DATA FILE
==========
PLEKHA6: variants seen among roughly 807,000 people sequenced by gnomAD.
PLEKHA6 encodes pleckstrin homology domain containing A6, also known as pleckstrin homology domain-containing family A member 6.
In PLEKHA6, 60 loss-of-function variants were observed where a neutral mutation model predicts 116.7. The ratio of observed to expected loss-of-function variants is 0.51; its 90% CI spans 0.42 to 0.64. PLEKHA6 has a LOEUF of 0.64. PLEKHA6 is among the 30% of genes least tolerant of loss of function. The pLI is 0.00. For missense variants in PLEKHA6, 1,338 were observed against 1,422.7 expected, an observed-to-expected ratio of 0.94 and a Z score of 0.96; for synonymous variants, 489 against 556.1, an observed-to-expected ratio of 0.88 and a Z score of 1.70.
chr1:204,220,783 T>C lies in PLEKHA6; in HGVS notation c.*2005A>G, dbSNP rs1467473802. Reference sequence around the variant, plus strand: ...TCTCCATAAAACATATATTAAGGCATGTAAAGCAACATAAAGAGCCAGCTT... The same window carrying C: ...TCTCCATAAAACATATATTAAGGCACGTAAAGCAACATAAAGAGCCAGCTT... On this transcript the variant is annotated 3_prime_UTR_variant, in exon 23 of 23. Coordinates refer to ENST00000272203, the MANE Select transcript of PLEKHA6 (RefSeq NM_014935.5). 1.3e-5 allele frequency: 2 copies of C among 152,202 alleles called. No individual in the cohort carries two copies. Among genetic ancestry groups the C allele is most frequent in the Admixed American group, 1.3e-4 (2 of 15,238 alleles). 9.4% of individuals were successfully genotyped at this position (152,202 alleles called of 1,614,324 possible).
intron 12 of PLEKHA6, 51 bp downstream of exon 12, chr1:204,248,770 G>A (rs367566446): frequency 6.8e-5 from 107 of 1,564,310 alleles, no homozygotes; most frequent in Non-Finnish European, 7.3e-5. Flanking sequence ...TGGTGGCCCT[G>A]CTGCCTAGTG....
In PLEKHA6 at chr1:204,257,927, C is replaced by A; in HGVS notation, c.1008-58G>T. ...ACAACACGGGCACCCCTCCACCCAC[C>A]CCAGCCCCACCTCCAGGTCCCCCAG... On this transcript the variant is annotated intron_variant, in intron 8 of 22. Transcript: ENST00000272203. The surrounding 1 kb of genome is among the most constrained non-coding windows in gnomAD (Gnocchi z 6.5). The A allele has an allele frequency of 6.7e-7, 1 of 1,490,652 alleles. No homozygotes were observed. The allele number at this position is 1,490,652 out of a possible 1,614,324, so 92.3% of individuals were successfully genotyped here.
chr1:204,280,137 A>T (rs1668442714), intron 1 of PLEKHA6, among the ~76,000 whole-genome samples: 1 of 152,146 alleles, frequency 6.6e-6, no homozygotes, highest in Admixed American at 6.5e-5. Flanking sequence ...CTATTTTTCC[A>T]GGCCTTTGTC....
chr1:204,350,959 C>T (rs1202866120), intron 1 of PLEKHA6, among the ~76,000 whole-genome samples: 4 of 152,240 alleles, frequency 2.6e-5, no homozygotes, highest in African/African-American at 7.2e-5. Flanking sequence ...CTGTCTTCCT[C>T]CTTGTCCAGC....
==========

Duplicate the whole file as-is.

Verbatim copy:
PLEKHA6: variants seen among roughly 807,000 people sequenced by gnomAD.
PLEKHA6 encodes pleckstrin homology domain containing A6, also known as pleckstrin homology domain-containing family A member 6.
In PLEKHA6, 60 loss-of-function variants were observed where a neutral mutation model predicts 116.7. The ratio of observed to expected loss-of-function variants is 0.51; its 90% CI spans 0.42 to 0.64. PLEKHA6 has a LOEUF of 0.64. PLEKHA6 is among the 30% of genes least tolerant of loss of function. The pLI is 0.00. For missense variants in PLEKHA6, 1,338 were observed against 1,422.7 expected, an observed-to-expected ratio of 0.94 and a Z score of 0.96; for synonymous variants, 489 against 556.1, an observed-to-expected ratio of 0.88 and a Z score of 1.70.
chr1:204,220,783 T>C lies in PLEKHA6; in HGVS notation c.*2005A>G, dbSNP rs1467473802. Reference sequence around the variant, plus strand: ...TCTCCATAAAACATATATTAAGGCATGTAAAGCAACATAAAGAGCCAGCTT... The same window carrying C: ...TCTCCATAAAACATATATTAAGGCACGTAAAGCAACATAAAGAGCCAGCTT... On this transcript the variant is annotated 3_prime_UTR_variant, in exon 23 of 23. Coordinates refer to ENST00000272203, the MANE Select transcript of PLEKHA6 (RefSeq NM_014935.5). 1.3e-5 allele frequency: 2 copies of C among 152,202 alleles called. No individual in the cohort carries two copies. Among genetic ancestry groups the C allele is most frequent in the Admixed American group, 1.3e-4 (2 of 15,238 alleles). 9.4% of individuals were successfully genotyped at this position (152,202 alleles called of 1,614,324 possible).
intron 12 of PLEKHA6, 51 bp downstream of exon 12, chr1:204,248,770 G>A (rs367566446): frequency 6.8e-5 from 107 of 1,564,310 alleles, no homozygotes; most frequent in Non-Finnish European, 7.3e-5. Flanking sequence ...TGGTGGCCCT[G>A]CTGCCTAGTG....
In PLEKHA6 at chr1:204,257,927, C is replaced by A; in HGVS notation, c.1008-58G>T. ...ACAACACGGGCACCCCTCCACCCAC[C>A]CCAGCCCCACCTCCAGGTCCCCCAG... On this transcript the variant is annotated intron_variant, in intron 8 of 22. Transcript: ENST00000272203. The surrounding 1 kb of genome is among the most constrained non-coding windows in gnomAD (Gnocchi z 6.5). The A allele has an allele frequency of 6.7e-7, 1 of 1,490,652 alleles. No homozygotes were observed. The allele number at this position is 1,490,652 out of a possible 1,614,324, so 92.3% of individuals were successfully genotyped here.
chr1:204,280,137 A>T (rs1668442714), intron 1 of PLEKHA6, among the ~76,000 whole-genome samples: 1 of 152,146 alleles, frequency 6.6e-6, no homozygotes, highest in Admixed American at 6.5e-5. Flanking sequence ...CTATTTTTCC[A>T]GGCCTTTGTC....
chr1:204,350,959 C>T (rs1202866120), intron 1 of PLEKHA6, among the ~76,000 whole-genome samples: 4 of 152,240 alleles, frequency 2.6e-5, no homozygotes, highest in African/African-American at 7.2e-5. Flanking sequence ...CTGTCTTCCT[C>T]CTTGTCCAGC....